It doesn’t matter if it is cold out or a beautiful day, when you get ready to go outside you usually stop to put your shoes on. Why do we wear shoes? To protect our feet from the elements outside. When you let your dog out, there is a good chance that you just hook your dog up to its leash and out you all go. Outside elements can be pretty harsh on your dog’s paws. That is why it is important to keep your dog’s paws safe from any of the harsh elements your pup could come across while outside.
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Winter is probably one of the harshest seasons on your dog’s paws. Everything from the cold freezing them to salt irritating them. Here are some of the ways your dog can hurt its paws during winter:
Many ice melt brands work wonders on our sidewalks, patios, and decks, But, when your dog’s paws are exposed to them they can become very irritated. Not to mention if the ice melt is ingested it can be deadly.
This is why I recommend that you look for a pet-safe ice melt. These aren’t completely safe, but they are far less toxic than non-pet friendly brands (and usually better for wildlife and plants as well).
When it comes to ice it isn’t just the slipping that can be an issue for your dog (although this is a big concern). If the ice is jagged it can cut your pup’s feet, in-between its toes, or under its nails. If your dog is left standing on the ice for too long it can also damage the pads on their feet and potentially cause frostbite.
Slush isn’t so much of an issue while you are out walking (aside from just being cold and usually mucky) if it is a puddle or two. The only time slush would be an issue is if your dog’s paws were exposed persistently during the walk. If your route is mostly slush it is best to find a new place to walk or avoid it altogether as you don’t want to freeze your dog’s paws. Potential damage can also happen if there are little rocks and other sharp objects mixed into the slush.
When your dog’s paws are exposed to the winter elements it can make for an unhappy canine. Depending on what they were exposed to it could mess with not only their paws but also their whole body.
The pads on the bottom of your dog’s feet are a major source of heat loss when they are exposed to icy and snowy conditions for too long. When your dog has been outside in cold conditions for too long, the blood flow to the pads on their feet minimizes and focuses on their core.
The automatic switch in blood flow is a safety mechanism meant to keep the core temperature of your dog at a safe level for a short period of time.
When your dog is outside for extended periods of time, their fur (including the hairs around their paws) gets wet and can freeze. This freezing can cause snowballs and blocks of ice to form. Yes, it looks really cute when your dog comes bounding in looking like a snowman but this can be dangerous.
The ice that forms on their paws can be sharp and cut into your dog’s toes making it painful to walk. And while their paw pads are pretty thick, the ice can cause cuts which can eventually lead to chilblains. Chilblains are red sores which may only show up days later and can cause severe infections if left untreated. These can also appear on the ears and tails of your dogs as well.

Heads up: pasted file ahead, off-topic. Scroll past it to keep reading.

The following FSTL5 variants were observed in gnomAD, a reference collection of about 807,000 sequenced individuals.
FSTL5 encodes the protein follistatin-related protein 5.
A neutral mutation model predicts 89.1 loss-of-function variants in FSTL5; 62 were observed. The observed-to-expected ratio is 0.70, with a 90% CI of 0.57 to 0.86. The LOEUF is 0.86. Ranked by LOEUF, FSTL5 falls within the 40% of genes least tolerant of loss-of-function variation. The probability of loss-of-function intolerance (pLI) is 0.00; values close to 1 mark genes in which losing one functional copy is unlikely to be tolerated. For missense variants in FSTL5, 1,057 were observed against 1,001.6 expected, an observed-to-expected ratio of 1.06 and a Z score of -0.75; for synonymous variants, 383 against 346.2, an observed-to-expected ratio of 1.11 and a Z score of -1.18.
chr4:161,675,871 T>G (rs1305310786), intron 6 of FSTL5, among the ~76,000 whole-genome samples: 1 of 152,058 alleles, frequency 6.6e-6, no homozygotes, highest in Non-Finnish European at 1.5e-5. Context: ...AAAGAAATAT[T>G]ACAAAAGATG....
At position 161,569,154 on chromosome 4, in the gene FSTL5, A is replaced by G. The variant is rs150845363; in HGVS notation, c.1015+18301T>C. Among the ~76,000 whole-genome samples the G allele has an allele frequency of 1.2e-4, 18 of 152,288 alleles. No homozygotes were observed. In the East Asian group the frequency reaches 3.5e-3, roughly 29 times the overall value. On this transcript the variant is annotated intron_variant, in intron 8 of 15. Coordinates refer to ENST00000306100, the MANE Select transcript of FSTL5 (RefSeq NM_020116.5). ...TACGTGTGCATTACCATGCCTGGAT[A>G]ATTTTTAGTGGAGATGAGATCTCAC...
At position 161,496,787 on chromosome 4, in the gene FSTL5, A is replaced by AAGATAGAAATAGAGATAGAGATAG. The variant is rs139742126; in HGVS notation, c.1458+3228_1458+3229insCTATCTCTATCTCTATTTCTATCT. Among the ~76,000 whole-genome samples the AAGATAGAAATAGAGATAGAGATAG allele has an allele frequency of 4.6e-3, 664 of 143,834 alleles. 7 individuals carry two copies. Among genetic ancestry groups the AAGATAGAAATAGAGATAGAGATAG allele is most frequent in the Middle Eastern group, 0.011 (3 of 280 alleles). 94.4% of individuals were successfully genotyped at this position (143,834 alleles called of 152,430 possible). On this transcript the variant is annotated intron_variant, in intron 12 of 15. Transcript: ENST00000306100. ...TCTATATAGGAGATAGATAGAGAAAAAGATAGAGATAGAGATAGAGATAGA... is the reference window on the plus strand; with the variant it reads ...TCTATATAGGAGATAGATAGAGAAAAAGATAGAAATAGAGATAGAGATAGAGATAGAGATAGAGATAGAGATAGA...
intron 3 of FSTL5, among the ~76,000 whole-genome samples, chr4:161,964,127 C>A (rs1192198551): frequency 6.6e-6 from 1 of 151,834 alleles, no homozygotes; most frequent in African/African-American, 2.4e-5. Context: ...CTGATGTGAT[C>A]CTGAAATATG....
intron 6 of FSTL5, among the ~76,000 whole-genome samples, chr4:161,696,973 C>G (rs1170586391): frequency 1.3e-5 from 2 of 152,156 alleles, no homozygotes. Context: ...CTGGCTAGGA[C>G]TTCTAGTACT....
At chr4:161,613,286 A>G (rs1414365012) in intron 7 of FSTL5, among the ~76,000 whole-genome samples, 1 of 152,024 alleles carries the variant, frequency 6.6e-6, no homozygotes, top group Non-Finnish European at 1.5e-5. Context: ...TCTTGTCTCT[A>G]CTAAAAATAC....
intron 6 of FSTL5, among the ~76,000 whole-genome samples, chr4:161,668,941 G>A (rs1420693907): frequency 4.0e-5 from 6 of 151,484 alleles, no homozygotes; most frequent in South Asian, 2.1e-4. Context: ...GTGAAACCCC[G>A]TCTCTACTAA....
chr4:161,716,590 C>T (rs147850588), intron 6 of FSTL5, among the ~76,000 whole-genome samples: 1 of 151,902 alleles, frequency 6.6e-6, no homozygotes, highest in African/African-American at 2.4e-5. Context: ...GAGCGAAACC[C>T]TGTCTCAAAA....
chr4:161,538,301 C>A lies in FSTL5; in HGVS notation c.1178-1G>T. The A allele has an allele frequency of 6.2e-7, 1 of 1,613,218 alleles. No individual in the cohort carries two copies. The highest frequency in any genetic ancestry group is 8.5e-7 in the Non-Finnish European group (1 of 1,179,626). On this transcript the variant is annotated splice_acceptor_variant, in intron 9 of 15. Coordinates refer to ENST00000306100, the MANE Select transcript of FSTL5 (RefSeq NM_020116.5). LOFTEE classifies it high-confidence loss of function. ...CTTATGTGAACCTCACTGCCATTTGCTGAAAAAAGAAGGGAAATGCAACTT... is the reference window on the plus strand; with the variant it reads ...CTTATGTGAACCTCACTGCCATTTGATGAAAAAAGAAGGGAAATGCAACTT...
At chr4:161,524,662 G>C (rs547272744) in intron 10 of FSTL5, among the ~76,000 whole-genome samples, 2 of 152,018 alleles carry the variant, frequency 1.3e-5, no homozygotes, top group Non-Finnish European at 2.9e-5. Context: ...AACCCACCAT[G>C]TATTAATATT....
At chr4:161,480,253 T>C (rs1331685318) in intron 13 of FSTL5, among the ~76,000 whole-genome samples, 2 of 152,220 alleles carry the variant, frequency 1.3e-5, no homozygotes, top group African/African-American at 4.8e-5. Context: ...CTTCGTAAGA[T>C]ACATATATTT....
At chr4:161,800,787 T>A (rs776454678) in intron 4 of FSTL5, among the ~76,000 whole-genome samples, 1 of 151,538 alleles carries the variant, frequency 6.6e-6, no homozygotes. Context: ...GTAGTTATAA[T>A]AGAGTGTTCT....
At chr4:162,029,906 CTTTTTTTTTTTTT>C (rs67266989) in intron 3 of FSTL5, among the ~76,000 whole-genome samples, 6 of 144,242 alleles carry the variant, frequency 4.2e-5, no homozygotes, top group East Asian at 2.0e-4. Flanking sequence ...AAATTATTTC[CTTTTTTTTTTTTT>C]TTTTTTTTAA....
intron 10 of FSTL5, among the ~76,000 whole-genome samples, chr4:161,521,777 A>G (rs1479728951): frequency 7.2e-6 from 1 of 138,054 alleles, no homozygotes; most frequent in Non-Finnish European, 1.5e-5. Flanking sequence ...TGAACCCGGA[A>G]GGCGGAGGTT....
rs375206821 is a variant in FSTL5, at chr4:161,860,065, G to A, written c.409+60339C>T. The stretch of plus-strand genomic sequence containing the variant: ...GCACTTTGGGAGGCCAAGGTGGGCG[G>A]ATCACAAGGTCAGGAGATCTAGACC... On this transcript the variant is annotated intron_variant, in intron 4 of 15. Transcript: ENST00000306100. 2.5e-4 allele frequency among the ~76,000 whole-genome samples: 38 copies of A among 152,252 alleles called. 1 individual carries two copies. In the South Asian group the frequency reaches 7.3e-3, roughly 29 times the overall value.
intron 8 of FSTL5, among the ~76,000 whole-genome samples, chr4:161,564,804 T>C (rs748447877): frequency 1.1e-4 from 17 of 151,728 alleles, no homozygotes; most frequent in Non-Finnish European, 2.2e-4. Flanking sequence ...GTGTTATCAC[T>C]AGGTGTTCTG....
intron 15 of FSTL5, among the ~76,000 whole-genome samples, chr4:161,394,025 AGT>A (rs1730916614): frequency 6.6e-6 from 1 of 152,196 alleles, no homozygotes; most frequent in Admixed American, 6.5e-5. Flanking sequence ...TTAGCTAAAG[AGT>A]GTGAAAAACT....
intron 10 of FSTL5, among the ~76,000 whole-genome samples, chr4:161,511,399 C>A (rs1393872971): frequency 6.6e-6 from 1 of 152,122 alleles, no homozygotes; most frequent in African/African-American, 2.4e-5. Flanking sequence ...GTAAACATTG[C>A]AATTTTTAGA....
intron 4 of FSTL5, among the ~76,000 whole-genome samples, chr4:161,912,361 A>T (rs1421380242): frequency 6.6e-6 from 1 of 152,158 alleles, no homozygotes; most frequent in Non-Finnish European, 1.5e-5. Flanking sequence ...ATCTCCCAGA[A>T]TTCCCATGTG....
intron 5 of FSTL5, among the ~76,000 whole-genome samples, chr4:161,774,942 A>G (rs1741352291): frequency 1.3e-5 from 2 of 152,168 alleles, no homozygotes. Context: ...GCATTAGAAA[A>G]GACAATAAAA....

How to Protect Your Dog’s Paws
Short Walks or Stay In
During the winter it is still important to get your dog out for walks but they should be shorter walks. There are many factors that determine how long a dog can be outside—their size, type of coat, and how accustomed they are to that environment. Here is a general chart that can help you determine how long your dog can be outside for walks this winter:
|Size of your dog||Temperature*||Time|
*All temperatures include the windchill.
PetPlan1 created a guide based on the Tufts Animal Condition and Care (TACC) system which easily shows how cold is too cold for your pet.
There comes a point during the winter when it just isn’t safe to take your dog for a walk. Small dogs shouldn’t be out if the temperature is less than 20℉. Medium and large dogs can be out when it is a bit colder but should stay inside if it is 0℉ or colder.
Dry Your Dog’s Paws
After walking or playing with your dog outside, take a few minutes to gently clean their paws off with a towel. While doing this make sure to pay close attention to between each of your dogs’ toes, around their pads, and under their nails.
Dog booties have led to some pretty funny videos online (including this one of Dylan trying on booties for the first time several years ago). But, they are good for more than some pretty good laughs. Putting booties on your dog’s paws will help protect them from any and all elements outside during walks. Their feet may still get a bit cold depending on the type of booties you choose, but they will stay clean and dry.
You go through great lengths to keep your feet warm and dry while you are out during the winter months. So, why not do the same for your precious pup? It is important to not miss walks (since exercise is important for dogs too). But it is even more important to keep them safe while doing it. I hope you found some useful information to help you keep your dog’s paws safe. If I forgot your favorite tip please leave it below so I can check it out too.REFERENCES